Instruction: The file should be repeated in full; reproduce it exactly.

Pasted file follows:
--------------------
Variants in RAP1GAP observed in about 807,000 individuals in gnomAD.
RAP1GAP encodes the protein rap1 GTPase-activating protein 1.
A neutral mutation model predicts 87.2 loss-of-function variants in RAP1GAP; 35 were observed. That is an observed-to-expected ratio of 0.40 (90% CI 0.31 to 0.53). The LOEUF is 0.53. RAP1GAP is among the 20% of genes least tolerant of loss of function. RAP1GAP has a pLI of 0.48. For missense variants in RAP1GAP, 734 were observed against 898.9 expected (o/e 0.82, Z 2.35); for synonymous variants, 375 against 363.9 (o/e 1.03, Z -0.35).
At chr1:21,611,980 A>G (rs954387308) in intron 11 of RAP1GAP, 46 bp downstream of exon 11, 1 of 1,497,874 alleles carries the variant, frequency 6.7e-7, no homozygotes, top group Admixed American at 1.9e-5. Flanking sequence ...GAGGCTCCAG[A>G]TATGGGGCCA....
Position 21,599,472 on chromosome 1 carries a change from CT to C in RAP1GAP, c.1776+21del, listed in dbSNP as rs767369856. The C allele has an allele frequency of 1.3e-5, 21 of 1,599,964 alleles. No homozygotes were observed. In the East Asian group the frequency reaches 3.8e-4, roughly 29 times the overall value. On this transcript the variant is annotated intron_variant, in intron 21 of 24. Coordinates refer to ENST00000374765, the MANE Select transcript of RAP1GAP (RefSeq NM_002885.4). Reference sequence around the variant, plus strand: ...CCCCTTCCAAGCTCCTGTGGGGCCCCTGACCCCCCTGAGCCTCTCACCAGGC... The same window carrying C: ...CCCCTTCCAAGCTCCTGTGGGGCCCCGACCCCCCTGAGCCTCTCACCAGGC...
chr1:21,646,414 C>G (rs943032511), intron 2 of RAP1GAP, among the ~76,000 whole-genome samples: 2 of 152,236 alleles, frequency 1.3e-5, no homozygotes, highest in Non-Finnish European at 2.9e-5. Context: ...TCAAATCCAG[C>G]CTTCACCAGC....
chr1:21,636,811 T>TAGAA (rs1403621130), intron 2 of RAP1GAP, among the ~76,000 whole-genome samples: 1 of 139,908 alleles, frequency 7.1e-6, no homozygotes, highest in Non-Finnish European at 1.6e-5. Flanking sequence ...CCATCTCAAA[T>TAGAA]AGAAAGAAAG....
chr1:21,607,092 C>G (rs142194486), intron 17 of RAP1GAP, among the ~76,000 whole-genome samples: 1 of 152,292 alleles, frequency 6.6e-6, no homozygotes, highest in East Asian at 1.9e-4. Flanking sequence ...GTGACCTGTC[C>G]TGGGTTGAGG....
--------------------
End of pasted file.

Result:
Variants in RAP1GAP observed in about 807,000 individuals in gnomAD.
RAP1GAP encodes the protein rap1 GTPase-activating protein 1.
A neutral mutation model predicts 87.2 loss-of-function variants in RAP1GAP; 35 were observed. That is an observed-to-expected ratio of 0.40 (90% CI 0.31 to 0.53). The LOEUF is 0.53. RAP1GAP is among the 20% of genes least tolerant of loss of function. RAP1GAP has a pLI of 0.48. For missense variants in RAP1GAP, 734 were observed against 898.9 expected (o/e 0.82, Z 2.35); for synonymous variants, 375 against 363.9 (o/e 1.03, Z -0.35).
At chr1:21,611,980 A>G (rs954387308) in intron 11 of RAP1GAP, 46 bp downstream of exon 11, 1 of 1,497,874 alleles carries the variant, frequency 6.7e-7, no homozygotes, top group Admixed American at 1.9e-5. Flanking sequence ...GAGGCTCCAG[A>G]TATGGGGCCA....
Position 21,599,472 on chromosome 1 carries a change from CT to C in RAP1GAP, c.1776+21del, listed in dbSNP as rs767369856. The C allele has an allele frequency of 1.3e-5, 21 of 1,599,964 alleles. No homozygotes were observed. In the East Asian group the frequency reaches 3.8e-4, roughly 29 times the overall value. On this transcript the variant is annotated intron_variant, in intron 21 of 24. Coordinates refer to ENST00000374765, the MANE Select transcript of RAP1GAP (RefSeq NM_002885.4). Reference sequence around the variant, plus strand: ...CCCCTTCCAAGCTCCTGTGGGGCCCCTGACCCCCCTGAGCCTCTCACCAGGC... The same window carrying C: ...CCCCTTCCAAGCTCCTGTGGGGCCCCGACCCCCCTGAGCCTCTCACCAGGC...
chr1:21,646,414 C>G (rs943032511), intron 2 of RAP1GAP, among the ~76,000 whole-genome samples: 2 of 152,236 alleles, frequency 1.3e-5, no homozygotes, highest in Non-Finnish European at 2.9e-5. Context: ...TCAAATCCAG[C>G]CTTCACCAGC....
chr1:21,636,811 T>TAGAA (rs1403621130), intron 2 of RAP1GAP, among the ~76,000 whole-genome samples: 1 of 139,908 alleles, frequency 7.1e-6, no homozygotes, highest in Non-Finnish European at 1.6e-5. Flanking sequence ...CCATCTCAAA[T>TAGAA]AGAAAGAAAG....
chr1:21,607,092 C>G (rs142194486), intron 17 of RAP1GAP, among the ~76,000 whole-genome samples: 1 of 152,292 alleles, frequency 6.6e-6, no homozygotes, highest in East Asian at 1.9e-4. Flanking sequence ...GTGACCTGTC[C>G]TGGGTTGAGG....